Lawsuit: Google and Facebook executives conspired to manipulate ad auctions
According to a newly edited (and less heavily redacted) version of a 2020 multistate lawsuit targeting Google and led by Texas Attorney General Ken Paxton.
why is it important: While a previous version of the lawsuit also alleged collusion between the two companies, the newly released documents shed new light on the effort, dubbed “Jedi Blue”, as well as the extent of the involvement of the leaders.
Details: While the lawsuit itself deals with a range of Google’s practices, much of the attention has focused on its discussions with Facebook, particularly those around the automated method of buying and selling ads. online known as “header bidding”.
- With header bidding, publishers let many ad exchanges bid on their inventory at once before their ad servers release it to the highest bidder. This theoretically helps publications sell more and at more competitive rates.
- The complaint essentially alleges that Google negotiated an agreement with Facebook to support its alternative to the header auction, called an “open auction”.
- The header auction was a threat to Google because it allowed publishers to offer their inventory to bid on so they could make more money, instead of forcing them to use Google’s open auction technology. Google, in which Google would take a share of ad serving. costs.
In an email, Facebook COO Sheryl Sandberg calls the work with Google “strategically important” and at another point emails suggest CEO Mark Zuckerberg had to approve the arrangement.
- “Google CEO Sundar Pichai also personally signed the terms of the agreement,” according to the lawsuit.
- The lawsuit also cites a 2015 email in which “Google employees expressed concern that Google’s exchange was ‘in fact competing’ with other ad exchanges.”
- The latest version of the lawsuit can be found here (PDF).
Backtrack: Paxton first announced that he was suing Google in December 2020, accusing Google of abusing its market power to rig auctions to place advertisements and raise prices for online advertising.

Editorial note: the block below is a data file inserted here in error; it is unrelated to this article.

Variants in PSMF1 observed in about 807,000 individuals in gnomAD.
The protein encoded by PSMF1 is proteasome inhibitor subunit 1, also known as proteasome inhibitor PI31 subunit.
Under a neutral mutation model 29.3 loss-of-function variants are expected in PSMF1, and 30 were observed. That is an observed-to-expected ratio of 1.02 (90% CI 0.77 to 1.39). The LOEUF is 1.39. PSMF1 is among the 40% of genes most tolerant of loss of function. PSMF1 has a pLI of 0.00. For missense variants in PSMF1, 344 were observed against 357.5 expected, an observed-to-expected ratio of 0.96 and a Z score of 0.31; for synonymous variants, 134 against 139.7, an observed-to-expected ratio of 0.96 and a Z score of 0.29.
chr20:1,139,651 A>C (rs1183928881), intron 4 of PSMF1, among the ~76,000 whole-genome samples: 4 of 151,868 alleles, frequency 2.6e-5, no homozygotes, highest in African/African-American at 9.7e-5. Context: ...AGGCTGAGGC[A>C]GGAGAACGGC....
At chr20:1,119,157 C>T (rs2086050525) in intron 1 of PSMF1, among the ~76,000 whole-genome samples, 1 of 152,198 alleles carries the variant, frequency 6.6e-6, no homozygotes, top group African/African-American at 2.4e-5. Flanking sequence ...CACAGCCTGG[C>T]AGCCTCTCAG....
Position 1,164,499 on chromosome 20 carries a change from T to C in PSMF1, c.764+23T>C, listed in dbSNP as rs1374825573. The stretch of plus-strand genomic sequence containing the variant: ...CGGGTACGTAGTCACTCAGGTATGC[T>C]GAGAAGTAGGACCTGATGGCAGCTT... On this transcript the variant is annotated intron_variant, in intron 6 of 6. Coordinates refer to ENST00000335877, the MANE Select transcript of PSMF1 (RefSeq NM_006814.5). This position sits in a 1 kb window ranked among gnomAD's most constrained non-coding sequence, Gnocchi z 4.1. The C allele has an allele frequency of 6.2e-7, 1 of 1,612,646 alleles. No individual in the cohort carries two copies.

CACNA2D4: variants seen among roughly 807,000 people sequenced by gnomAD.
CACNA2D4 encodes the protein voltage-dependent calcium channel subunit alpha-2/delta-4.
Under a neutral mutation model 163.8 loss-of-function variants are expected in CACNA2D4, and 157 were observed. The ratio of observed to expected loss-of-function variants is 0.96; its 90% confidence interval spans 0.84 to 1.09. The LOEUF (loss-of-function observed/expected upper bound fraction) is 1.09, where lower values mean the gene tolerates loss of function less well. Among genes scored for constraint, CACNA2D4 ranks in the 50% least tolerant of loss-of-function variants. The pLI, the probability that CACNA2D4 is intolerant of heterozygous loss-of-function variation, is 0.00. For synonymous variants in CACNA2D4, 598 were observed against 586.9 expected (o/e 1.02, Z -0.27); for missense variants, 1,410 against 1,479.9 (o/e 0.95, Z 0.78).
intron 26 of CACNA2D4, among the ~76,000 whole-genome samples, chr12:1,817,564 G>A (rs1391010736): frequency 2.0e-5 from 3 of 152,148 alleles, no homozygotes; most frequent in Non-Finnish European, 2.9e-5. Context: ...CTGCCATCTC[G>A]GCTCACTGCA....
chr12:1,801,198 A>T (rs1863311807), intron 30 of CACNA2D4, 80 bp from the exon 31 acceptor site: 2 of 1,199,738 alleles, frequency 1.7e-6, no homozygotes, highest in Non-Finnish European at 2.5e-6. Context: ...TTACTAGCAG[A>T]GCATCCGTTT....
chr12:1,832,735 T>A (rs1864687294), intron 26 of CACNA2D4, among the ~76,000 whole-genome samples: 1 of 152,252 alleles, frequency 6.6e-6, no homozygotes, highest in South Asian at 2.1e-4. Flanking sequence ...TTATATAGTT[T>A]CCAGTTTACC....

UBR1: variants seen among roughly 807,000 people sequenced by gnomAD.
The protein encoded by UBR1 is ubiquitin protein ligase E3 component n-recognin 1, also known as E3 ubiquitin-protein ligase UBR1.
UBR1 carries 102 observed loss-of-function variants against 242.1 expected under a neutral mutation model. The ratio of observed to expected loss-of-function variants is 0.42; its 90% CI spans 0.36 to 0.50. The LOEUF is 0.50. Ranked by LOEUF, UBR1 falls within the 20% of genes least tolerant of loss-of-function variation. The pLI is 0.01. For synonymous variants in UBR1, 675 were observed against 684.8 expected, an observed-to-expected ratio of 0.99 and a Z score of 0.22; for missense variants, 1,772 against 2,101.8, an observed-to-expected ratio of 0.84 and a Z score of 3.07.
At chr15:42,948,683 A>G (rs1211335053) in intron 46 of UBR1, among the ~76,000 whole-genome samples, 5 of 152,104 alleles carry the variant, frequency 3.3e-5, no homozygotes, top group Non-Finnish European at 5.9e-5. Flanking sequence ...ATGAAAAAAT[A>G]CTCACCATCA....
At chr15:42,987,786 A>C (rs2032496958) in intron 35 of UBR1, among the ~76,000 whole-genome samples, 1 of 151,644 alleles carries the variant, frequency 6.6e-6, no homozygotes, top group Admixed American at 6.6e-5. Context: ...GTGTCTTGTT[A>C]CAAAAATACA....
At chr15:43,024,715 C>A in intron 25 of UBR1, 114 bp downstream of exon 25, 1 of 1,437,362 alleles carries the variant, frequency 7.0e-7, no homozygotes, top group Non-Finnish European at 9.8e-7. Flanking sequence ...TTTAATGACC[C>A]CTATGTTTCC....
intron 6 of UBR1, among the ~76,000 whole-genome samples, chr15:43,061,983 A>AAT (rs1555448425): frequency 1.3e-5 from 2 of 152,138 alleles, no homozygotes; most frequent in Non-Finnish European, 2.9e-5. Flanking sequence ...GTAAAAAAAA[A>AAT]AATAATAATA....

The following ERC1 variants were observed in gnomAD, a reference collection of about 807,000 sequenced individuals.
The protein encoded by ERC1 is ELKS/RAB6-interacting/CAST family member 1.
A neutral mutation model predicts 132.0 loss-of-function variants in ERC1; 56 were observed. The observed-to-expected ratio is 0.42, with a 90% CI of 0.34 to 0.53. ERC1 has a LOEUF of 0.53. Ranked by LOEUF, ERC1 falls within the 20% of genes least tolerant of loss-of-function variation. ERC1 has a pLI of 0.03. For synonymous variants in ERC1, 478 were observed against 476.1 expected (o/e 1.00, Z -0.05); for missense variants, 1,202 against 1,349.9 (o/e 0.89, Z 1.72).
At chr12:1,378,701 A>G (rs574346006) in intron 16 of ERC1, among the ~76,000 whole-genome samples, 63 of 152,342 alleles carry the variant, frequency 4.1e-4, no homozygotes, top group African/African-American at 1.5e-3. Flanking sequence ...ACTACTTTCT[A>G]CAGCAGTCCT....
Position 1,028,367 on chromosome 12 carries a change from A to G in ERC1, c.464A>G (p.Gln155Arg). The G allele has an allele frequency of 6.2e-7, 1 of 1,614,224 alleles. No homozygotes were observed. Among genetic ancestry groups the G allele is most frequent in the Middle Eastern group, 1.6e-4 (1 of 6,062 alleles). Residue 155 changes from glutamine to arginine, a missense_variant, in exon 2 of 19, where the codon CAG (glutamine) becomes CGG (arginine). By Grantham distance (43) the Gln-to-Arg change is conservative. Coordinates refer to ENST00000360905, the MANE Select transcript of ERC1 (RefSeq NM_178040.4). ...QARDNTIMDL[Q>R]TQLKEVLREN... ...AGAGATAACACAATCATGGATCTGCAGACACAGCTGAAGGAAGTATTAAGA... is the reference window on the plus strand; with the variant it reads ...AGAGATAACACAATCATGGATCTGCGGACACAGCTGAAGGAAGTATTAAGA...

- Paxton is leading the pursuit, joined by a number of other Republican state AGs.
- That initial lawsuit accused Google of entering into a secret deal with Facebook to avoid competing with each other’s ad tech companies, though details of the allegations have been heavily redacted.
be smart: A controversial figure in his own right, Paxton separately faces complaints from people who worked under him, accusing him of corruption, abuse of power and other crimes. He also led the failed multi-state effort to have the Supreme Court invalidate election results in crucial swing states and hand the 2020 election to President Trump.
What they say“The unredacted complaint in the ad tech lawsuit should put an end to the argument that Google wins simply because its products are ‘better,'” said David Chavern, CEO of News Media Alliance, a trade group that represents thousands of newspapers.
- “Anti-competitive side deals and market manipulation don’t count as innovation. Google has been deliberately cutting news publishers’ finances for years and then asking us to say thank you,” he added.
The other side: Companies, meanwhile, dispute the idea that their effort was secretive or inappropriate.
- “We sign hundreds of deals each year that don’t require CEO approval, and this was no different,” a Google representative said in a statement. “And contrary to AG Paxton’s claims, the fact of this deal was never a secret – it was well publicized.”
- “Meta’s non-exclusive auction agreement with Google and similar agreements we have with other auction platforms have helped increase competition for ad placements,” a Meta spokesperson said. in an email. “These business relationships allow Meta to deliver more value to advertisers while compensating publishers fairly, which translates to better results for everyone.”